By Topic

Neurovisual Control in the Quake II Environment

Sign In

Cookies must be enabled to login.After enabling cookies , please use refresh or reload or ctrl+f5 on the browser for the login options.

Formats Non-Member Member
$31 $13
Learn how you can qualify for the best price for this item!
Become an IEEE Member or Subscribe to
IEEE Xplore for exclusive pricing!
close button

puzzle piece

IEEE membership options for an individual and IEEE Xplore subscriptions for an organization offer the most affordable access to essential journal articles, conference papers, standards, eBooks, and eLearning courses.

Learn more about:

IEEE membership

IEEE Xplore subscriptions

2 Author(s)
Parker, M. ; Dept. of Comput. Sci. & Eng., Univ. of Nevada, Reno, NV, USA ; Bryant, B.D.

A wide variety of tasks may be performed by humans using only visual data as input. Creating artificial intelligence that adequately uses visual data allows controllers to use single cameras for input and to interact with computer games by merely reading the screen render. In this research, we use the Quake II game environment to compare various techniques that train neural network (NN) controllers to perform a variety of behaviors using only raw visual input. First, it is found that a humanlike retina, which has greater acuity in the center and less in the periphery, is more useful than a uniform acuity retina, both having the same number of inputs and interfaced to the same NN structure, when learning to attack a moving opponent in a visually simple room. Next, we use the same humanlike retina and NN in a more visually complex room, but, finding it is unable to learn successfully, we use a Lamarckian learning algorithm with a nonvisual hand-coded controller as a supervisor to help train the visual controller via backpropagation. Last, we replace the hand-coded supervising nonvisual controller with an evolved nonvisual NN controller, eliminating the human aspect from the supervision, and it solves a problem for which a solution was not previously known.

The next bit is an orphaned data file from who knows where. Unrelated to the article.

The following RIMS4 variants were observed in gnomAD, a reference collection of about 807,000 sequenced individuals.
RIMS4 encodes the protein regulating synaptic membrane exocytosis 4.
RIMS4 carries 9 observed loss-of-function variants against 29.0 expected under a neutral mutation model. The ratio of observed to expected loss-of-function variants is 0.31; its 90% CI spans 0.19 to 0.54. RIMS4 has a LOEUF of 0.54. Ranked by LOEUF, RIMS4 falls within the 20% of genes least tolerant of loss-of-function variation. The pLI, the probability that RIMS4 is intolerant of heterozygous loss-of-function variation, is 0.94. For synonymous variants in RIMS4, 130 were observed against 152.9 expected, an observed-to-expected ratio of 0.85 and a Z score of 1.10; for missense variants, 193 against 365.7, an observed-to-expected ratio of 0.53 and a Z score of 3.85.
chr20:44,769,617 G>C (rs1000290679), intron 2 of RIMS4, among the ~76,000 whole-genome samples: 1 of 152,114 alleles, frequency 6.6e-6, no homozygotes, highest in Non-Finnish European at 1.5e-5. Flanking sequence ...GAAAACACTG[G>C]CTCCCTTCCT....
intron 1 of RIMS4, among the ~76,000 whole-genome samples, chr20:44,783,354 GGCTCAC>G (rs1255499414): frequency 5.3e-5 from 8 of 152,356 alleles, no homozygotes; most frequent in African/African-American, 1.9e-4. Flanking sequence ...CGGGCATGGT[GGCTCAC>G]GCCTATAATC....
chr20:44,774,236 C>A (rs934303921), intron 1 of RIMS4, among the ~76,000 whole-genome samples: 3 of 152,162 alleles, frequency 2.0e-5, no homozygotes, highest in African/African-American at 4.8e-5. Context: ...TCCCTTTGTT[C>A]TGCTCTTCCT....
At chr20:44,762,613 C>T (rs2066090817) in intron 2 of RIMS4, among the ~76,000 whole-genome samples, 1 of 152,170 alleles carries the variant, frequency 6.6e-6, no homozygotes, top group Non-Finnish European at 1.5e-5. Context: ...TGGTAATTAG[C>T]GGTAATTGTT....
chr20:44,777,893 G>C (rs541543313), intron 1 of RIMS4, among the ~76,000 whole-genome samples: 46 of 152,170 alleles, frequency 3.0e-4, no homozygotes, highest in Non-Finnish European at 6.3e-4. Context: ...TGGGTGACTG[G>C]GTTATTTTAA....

Published in:

Computational Intelligence and AI in Games, IEEE Transactions on  (Volume:4 ,  Issue: 1 )